The average U.S. House member wasn’t even born the last time Republicans held 242 seats in that august chamber. But the GOP hit that milestone this week when the concessions of two Democratic incumbents in the handful of remaining undecided midterm elections pushed Republican gains in the House to 63.
The concession of Dan Maffei in New York also set another midterm milestone: Voters cut short the House careers of 22 of the 26 first-term Democrats, according to the Chicago Tribune’s Washington Bureau
Maffei, who was elected in 2008, conceded to Ann Marie Buerkle in New York's 25th Congressional District Tuesday afternoon, acknowledging that he couldn’t win even though absentee ballots had helped him narrow the gap. His ouster also symbolized a GOP rebound in the Empire State’s congressional delegation, the Trib chronicled, noting that Democratic victories there in 2008 left Republicans with just two of 29 seats. Now, six Democratic seats have gone to Republicans, for the most GOP gains in a single state.
Buerkle, an assistant district attorney who ran with Sarah Palin’s endorsement as a “New York mama grizzly,” had 104,374 votes to 103,807 for Maffei.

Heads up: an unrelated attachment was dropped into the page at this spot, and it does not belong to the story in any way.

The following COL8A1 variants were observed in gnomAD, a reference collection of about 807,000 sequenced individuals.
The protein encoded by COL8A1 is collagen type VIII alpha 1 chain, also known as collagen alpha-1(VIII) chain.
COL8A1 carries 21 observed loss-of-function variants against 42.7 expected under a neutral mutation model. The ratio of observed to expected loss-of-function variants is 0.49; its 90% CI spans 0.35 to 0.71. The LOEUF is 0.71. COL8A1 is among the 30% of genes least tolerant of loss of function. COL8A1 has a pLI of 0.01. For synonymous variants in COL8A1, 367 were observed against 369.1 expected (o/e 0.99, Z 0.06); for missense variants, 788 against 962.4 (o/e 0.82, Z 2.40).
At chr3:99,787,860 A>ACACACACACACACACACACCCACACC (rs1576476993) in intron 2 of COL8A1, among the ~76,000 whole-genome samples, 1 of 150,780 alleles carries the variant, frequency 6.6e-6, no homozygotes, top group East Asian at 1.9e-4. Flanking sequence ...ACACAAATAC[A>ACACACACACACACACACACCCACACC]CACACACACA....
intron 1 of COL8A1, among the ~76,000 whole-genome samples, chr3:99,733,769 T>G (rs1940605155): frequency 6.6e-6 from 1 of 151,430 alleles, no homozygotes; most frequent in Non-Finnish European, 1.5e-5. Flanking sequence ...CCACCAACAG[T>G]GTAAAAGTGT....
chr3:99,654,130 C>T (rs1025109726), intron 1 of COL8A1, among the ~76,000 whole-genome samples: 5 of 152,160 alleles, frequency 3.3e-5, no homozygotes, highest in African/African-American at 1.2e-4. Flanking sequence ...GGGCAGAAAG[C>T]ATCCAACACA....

The other concession came from a long-timer, 14-term incumbent Solomon Ortiz, who took a knee Monday to former radio show host and political newcomer Blake Farenthold in Texas’ 27th Congressional District. Farenthold, who ran with the backing of local tea party groups, won the South Texas contest by 799 votes.
Democrats prevailed in another race, with The Associated Press awarding California’s 20th District to incumbent Jim Costa.
So, three weeks after the polls closed, only two of 435 congressional races remain hanging, with Democrats leading in both: Jerry McNerney in The Golden State’s 11th District and Tim Bishop in New York’s 1st District, where Tim Bishop has rebounded from what appeared to be a loss and now leads by about 200 votes.
Now, back to the those interesting stats: It’s been 62 years since the GOP held 242 seats in the House, and the average age for House members is 56, according to the Center on Congress at Indiana University
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